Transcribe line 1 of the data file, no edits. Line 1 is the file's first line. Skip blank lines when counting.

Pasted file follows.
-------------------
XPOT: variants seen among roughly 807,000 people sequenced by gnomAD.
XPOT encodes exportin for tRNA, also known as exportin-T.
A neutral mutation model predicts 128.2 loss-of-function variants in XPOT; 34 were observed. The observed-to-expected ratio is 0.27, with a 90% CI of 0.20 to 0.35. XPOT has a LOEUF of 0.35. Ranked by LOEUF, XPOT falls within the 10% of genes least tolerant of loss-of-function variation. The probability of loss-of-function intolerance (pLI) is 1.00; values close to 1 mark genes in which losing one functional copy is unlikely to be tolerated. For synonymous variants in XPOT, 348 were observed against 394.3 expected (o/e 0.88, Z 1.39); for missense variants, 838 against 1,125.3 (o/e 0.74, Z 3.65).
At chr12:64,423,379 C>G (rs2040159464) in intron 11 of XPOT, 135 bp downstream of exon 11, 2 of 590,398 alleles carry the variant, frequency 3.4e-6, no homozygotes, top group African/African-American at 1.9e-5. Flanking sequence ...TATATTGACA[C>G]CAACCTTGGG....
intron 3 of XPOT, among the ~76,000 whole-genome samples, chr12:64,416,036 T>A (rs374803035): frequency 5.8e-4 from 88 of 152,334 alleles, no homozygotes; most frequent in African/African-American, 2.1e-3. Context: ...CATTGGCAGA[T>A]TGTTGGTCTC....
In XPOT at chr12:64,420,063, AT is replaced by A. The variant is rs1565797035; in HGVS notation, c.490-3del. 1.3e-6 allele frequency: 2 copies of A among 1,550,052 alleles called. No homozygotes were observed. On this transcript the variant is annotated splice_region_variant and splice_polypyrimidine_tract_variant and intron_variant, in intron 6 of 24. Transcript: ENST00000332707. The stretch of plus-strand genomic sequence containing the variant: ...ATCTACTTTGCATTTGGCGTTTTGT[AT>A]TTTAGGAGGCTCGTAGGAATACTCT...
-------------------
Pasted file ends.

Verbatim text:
XPOT: variants seen among roughly 807,000 people sequenced by gnomAD.